Likewise, when using cell phone tracking data to measure changes in physical distance during the pandemic, a study found that in counties that voted for Mr. Trump in 2016, there was a reduction 24% in general travel and visits to non-essential places (like restaurants) between March and May 2020 compared to a 38% reduction in counties that voted for Ms. Clinton.
Again, one way to read this conclusion is that Republican-leaning counties have reduced activity less than Democratic-leaning counties. Or, it could be used to point out that at the start of the pandemic, people who are both Republicans- and Democratic-leaning counties have increased their physical distance significantly, implying changes in behavior. In addition, even in Democratic-leaning counties, cuts in activity were still limited to 38%.
One place where politicization seems to have profoundly affected actual behavior is vaccination. Covid-19 vaccine data indicates Republicans are more likely to be unvaccinated than Democrats, meaning Republicans will most likely have higher hospitalization and death rates from Covid afterward. .
But it’s unclear why vaccination rates are so different between Republicans and Democrats.
Some may argue that the differences in Covid-19 vaccination rates between Republicans and Democrats simply reflect historical and underlying differences in beliefs about vaccines. If this were true, we would expect to see similar differences in vaccination rates between Republicans and Democrats for other vaccines. But we don’t. One study found very little difference between Republicans and Democrats for common adolescent vaccines.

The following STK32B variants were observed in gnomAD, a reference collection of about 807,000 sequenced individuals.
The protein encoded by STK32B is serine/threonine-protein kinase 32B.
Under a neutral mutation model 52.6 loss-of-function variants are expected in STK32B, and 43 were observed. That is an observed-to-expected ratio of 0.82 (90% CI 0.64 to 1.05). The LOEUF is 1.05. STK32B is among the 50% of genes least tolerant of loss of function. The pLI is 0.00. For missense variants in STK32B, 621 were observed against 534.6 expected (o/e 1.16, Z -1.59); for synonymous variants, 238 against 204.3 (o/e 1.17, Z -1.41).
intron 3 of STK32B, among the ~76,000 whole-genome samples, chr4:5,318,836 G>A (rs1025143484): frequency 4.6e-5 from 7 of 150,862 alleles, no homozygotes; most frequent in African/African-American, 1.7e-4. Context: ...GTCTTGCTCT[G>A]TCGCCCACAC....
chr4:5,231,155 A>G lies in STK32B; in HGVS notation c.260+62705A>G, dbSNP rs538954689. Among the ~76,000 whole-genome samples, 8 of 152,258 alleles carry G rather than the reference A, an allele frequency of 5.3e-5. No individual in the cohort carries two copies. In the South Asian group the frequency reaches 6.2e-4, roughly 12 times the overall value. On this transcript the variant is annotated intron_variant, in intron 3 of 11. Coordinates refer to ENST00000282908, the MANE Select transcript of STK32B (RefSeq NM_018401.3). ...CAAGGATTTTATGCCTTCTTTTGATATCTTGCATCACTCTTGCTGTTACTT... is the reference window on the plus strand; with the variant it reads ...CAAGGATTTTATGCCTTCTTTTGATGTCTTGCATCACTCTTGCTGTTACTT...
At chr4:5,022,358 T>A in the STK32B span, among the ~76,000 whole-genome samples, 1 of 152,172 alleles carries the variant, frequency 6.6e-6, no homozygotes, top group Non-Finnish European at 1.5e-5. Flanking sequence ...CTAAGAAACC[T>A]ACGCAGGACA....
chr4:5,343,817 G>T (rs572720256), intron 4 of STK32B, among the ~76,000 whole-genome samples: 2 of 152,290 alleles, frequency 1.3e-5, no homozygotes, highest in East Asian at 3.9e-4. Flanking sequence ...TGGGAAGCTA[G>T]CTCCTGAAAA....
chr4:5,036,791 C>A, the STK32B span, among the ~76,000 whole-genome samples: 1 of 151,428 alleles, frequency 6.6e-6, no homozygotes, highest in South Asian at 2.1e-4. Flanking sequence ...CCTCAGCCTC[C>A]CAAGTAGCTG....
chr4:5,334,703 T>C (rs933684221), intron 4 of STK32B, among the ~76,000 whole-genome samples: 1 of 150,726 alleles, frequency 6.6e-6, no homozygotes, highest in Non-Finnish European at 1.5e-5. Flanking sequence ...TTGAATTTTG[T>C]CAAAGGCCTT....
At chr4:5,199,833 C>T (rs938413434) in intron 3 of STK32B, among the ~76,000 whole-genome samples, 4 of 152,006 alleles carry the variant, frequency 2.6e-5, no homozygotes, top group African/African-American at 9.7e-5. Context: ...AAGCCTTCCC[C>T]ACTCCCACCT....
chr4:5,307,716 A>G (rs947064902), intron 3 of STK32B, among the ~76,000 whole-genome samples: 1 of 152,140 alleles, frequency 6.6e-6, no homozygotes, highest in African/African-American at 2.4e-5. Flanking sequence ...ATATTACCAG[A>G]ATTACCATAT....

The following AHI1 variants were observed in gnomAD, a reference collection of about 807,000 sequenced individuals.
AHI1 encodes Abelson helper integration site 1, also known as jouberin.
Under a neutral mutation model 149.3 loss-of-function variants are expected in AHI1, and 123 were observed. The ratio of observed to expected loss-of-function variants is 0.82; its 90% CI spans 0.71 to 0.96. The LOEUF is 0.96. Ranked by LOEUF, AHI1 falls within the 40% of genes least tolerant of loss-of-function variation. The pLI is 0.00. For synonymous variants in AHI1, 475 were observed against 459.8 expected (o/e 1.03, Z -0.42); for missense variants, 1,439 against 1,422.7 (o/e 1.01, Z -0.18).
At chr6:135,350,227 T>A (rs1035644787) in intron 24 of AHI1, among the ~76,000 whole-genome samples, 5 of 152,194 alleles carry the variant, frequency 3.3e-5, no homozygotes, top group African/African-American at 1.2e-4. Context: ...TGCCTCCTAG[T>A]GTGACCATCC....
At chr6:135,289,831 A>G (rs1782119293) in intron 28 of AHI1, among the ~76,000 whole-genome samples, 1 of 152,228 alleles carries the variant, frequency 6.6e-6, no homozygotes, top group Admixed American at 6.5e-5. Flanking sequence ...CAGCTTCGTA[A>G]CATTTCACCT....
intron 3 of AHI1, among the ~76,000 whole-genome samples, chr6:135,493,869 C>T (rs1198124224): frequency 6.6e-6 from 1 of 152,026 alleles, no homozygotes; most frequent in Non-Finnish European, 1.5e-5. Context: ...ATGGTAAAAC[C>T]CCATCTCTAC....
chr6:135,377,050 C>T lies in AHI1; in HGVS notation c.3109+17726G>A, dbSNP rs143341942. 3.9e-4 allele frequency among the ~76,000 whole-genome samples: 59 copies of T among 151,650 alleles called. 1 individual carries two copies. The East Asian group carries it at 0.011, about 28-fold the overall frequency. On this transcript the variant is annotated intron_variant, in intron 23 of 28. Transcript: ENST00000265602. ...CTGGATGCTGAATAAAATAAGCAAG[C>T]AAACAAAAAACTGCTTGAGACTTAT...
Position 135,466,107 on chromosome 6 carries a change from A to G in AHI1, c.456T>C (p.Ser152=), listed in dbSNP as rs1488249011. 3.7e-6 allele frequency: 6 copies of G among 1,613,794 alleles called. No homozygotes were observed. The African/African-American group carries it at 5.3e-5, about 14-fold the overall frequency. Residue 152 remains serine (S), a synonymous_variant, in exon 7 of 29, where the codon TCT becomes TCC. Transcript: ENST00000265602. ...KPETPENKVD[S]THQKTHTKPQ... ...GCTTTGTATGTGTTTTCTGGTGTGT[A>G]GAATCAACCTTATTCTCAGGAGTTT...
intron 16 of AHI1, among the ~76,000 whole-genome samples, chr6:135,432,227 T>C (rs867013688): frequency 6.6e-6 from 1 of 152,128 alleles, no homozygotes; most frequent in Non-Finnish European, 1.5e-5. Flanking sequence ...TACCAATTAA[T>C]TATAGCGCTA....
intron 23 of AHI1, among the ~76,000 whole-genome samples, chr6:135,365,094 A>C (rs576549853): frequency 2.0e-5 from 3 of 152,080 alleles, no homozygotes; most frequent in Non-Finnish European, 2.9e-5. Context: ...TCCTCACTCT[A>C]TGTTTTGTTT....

Another explanation for the gap in Covid-19 vaccination rates is that it is itself a year-and-a-half byproduct of intense political polarization that has highlighted the differences between groups that may seem bigger than they really are. This is consistent with studies that have demonstrated the direct effect of media polarization on public health behaviors.
People may miss important nuances of studies examining the relationship between policy and meeting public health recommendations. Some studies use objective information about people’s activities, such as cell phone data tracking. Other studies assessing political polarization and Covid-19 have relied on self-reported behaviors. A major downside to surveys like these, like a 2020 survey of young adults living in California, is that they capture what people say they are doing, not necessarily what they actually do. This type of analysis can lead to conclusions that the ways in which people go about their daily lives are more distinct than similar.
Political polarization during the pandemic underscored the differences between Americans and downplayed the experiences we shared. Many of us now probably think that our behaviors and experiences during the pandemic are very different from those of our peers across the political aisle. When it comes to things that we enjoy, that is not true, and we have to remember that.